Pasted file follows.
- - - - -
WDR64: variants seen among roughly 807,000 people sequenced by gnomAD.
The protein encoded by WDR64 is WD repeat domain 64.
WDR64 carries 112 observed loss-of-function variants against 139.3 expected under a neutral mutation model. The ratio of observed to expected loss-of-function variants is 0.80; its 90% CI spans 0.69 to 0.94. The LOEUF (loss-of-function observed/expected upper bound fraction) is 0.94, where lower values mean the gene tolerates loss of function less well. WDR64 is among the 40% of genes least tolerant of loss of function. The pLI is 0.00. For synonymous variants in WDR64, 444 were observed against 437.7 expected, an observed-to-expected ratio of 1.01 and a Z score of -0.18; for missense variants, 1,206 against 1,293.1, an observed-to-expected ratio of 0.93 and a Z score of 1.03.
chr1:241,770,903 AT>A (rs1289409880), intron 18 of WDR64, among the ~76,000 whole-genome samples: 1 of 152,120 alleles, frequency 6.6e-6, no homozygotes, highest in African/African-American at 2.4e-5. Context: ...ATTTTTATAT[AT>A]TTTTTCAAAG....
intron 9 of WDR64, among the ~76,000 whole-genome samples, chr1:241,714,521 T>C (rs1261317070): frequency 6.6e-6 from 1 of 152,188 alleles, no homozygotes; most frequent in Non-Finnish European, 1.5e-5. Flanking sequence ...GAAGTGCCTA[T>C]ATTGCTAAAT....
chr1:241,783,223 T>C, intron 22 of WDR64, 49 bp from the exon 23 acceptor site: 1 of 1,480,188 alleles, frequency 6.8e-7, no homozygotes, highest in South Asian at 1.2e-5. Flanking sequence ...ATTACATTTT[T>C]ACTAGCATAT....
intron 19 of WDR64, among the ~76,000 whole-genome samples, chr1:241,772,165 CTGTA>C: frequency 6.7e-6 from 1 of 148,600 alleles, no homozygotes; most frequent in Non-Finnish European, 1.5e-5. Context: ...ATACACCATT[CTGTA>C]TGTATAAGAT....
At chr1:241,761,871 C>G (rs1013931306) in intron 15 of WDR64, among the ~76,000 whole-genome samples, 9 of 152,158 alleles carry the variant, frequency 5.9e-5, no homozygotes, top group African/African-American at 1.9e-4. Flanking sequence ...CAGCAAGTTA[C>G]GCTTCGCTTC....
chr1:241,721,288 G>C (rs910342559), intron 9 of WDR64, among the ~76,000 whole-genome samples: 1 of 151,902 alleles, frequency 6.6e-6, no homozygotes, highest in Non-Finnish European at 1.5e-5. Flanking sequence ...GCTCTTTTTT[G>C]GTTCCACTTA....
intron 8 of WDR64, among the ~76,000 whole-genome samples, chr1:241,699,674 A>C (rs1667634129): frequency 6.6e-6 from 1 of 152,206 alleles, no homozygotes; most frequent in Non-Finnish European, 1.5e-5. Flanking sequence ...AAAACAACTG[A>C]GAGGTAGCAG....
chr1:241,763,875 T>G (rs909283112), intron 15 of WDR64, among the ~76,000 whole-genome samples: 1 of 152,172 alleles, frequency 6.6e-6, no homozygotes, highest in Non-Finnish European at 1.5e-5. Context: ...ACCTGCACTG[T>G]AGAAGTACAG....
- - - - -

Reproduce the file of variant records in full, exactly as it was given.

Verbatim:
WDR64: variants seen among roughly 807,000 people sequenced by gnomAD.
The protein encoded by WDR64 is WD repeat domain 64.
WDR64 carries 112 observed loss-of-function variants against 139.3 expected under a neutral mutation model. The ratio of observed to expected loss-of-function variants is 0.80; its 90% CI spans 0.69 to 0.94. The LOEUF (loss-of-function observed/expected upper bound fraction) is 0.94, where lower values mean the gene tolerates loss of function less well. WDR64 is among the 40% of genes least tolerant of loss of function. The pLI is 0.00. For synonymous variants in WDR64, 444 were observed against 437.7 expected, an observed-to-expected ratio of 1.01 and a Z score of -0.18; for missense variants, 1,206 against 1,293.1, an observed-to-expected ratio of 0.93 and a Z score of 1.03.
chr1:241,770,903 AT>A (rs1289409880), intron 18 of WDR64, among the ~76,000 whole-genome samples: 1 of 152,120 alleles, frequency 6.6e-6, no homozygotes, highest in African/African-American at 2.4e-5. Context: ...ATTTTTATAT[AT>A]TTTTTCAAAG....
intron 9 of WDR64, among the ~76,000 whole-genome samples, chr1:241,714,521 T>C (rs1261317070): frequency 6.6e-6 from 1 of 152,188 alleles, no homozygotes; most frequent in Non-Finnish European, 1.5e-5. Flanking sequence ...GAAGTGCCTA[T>C]ATTGCTAAAT....
chr1:241,783,223 T>C, intron 22 of WDR64, 49 bp from the exon 23 acceptor site: 1 of 1,480,188 alleles, frequency 6.8e-7, no homozygotes, highest in South Asian at 1.2e-5. Flanking sequence ...ATTACATTTT[T>C]ACTAGCATAT....
intron 19 of WDR64, among the ~76,000 whole-genome samples, chr1:241,772,165 CTGTA>C: frequency 6.7e-6 from 1 of 148,600 alleles, no homozygotes; most frequent in Non-Finnish European, 1.5e-5. Context: ...ATACACCATT[CTGTA>C]TGTATAAGAT....
At chr1:241,761,871 C>G (rs1013931306) in intron 15 of WDR64, among the ~76,000 whole-genome samples, 9 of 152,158 alleles carry the variant, frequency 5.9e-5, no homozygotes, top group African/African-American at 1.9e-4. Flanking sequence ...CAGCAAGTTA[C>G]GCTTCGCTTC....
chr1:241,721,288 G>C (rs910342559), intron 9 of WDR64, among the ~76,000 whole-genome samples: 1 of 151,902 alleles, frequency 6.6e-6, no homozygotes, highest in Non-Finnish European at 1.5e-5. Flanking sequence ...GCTCTTTTTT[G>C]GTTCCACTTA....
intron 8 of WDR64, among the ~76,000 whole-genome samples, chr1:241,699,674 A>C (rs1667634129): frequency 6.6e-6 from 1 of 152,206 alleles, no homozygotes; most frequent in Non-Finnish European, 1.5e-5. Flanking sequence ...AAAACAACTG[A>C]GAGGTAGCAG....
chr1:241,763,875 T>G (rs909283112), intron 15 of WDR64, among the ~76,000 whole-genome samples: 1 of 152,172 alleles, frequency 6.6e-6, no homozygotes, highest in Non-Finnish European at 1.5e-5. Context: ...ACCTGCACTG[T>G]AGAAGTACAG....